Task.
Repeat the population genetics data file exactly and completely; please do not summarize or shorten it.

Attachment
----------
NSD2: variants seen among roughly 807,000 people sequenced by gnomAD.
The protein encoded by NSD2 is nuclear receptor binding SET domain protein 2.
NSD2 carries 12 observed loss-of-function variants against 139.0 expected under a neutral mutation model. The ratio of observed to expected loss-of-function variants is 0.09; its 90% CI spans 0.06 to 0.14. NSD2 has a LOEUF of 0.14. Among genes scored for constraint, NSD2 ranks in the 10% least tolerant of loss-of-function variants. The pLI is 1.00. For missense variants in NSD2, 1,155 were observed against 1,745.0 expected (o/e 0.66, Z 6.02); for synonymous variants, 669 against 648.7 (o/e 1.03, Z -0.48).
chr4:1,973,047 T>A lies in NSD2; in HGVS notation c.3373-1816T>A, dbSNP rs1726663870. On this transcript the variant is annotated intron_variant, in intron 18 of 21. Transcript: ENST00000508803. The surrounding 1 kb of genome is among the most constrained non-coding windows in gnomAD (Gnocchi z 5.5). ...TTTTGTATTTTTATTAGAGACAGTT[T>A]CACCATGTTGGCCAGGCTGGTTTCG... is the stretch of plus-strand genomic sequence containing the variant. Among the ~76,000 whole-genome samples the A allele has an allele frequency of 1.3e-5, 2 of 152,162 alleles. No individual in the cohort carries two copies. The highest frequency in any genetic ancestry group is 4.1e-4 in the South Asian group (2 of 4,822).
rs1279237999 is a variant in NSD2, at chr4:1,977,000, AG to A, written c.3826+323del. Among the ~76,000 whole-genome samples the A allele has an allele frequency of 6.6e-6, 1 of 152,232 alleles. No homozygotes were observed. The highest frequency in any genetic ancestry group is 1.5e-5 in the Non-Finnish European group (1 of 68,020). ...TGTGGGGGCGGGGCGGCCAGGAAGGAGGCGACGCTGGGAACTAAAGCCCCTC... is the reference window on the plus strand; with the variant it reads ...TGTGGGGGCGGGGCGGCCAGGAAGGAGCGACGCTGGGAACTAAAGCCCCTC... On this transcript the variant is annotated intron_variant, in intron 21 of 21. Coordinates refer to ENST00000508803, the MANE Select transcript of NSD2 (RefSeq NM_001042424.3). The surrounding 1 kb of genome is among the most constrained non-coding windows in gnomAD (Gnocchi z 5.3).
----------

NSD2: variants seen among roughly 807,000 people sequenced by gnomAD.
The protein encoded by NSD2 is nuclear receptor binding SET domain protein 2.
NSD2 carries 12 observed loss-of-function variants against 139.0 expected under a neutral mutation model. The ratio of observed to expected loss-of-function variants is 0.09; its 90% CI spans 0.06 to 0.14. NSD2 has a LOEUF of 0.14. Among genes scored for constraint, NSD2 ranks in the 10% least tolerant of loss-of-function variants. The pLI is 1.00. For missense variants in NSD2, 1,155 were observed against 1,745.0 expected (o/e 0.66, Z 6.02); for synonymous variants, 669 against 648.7 (o/e 1.03, Z -0.48).
chr4:1,973,047 T>A lies in NSD2; in HGVS notation c.3373-1816T>A, dbSNP rs1726663870. On this transcript the variant is annotated intron_variant, in intron 18 of 21. Transcript: ENST00000508803. The surrounding 1 kb of genome is among the most constrained non-coding windows in gnomAD (Gnocchi z 5.5). ...TTTTGTATTTTTATTAGAGACAGTT[T>A]CACCATGTTGGCCAGGCTGGTTTCG... is the stretch of plus-strand genomic sequence containing the variant. Among the ~76,000 whole-genome samples the A allele has an allele frequency of 1.3e-5, 2 of 152,162 alleles. No individual in the cohort carries two copies. The highest frequency in any genetic ancestry group is 4.1e-4 in the South Asian group (2 of 4,822).
rs1279237999 is a variant in NSD2, at chr4:1,977,000, AG to A, written c.3826+323del. Among the ~76,000 whole-genome samples the A allele has an allele frequency of 6.6e-6, 1 of 152,232 alleles. No homozygotes were observed. The highest frequency in any genetic ancestry group is 1.5e-5 in the Non-Finnish European group (1 of 68,020). ...TGTGGGGGCGGGGCGGCCAGGAAGGAGGCGACGCTGGGAACTAAAGCCCCTC... is the reference window on the plus strand; with the variant it reads ...TGTGGGGGCGGGGCGGCCAGGAAGGAGCGACGCTGGGAACTAAAGCCCCTC... On this transcript the variant is annotated intron_variant, in intron 21 of 21. Coordinates refer to ENST00000508803, the MANE Select transcript of NSD2 (RefSeq NM_001042424.3). The surrounding 1 kb of genome is among the most constrained non-coding windows in gnomAD (Gnocchi z 5.3).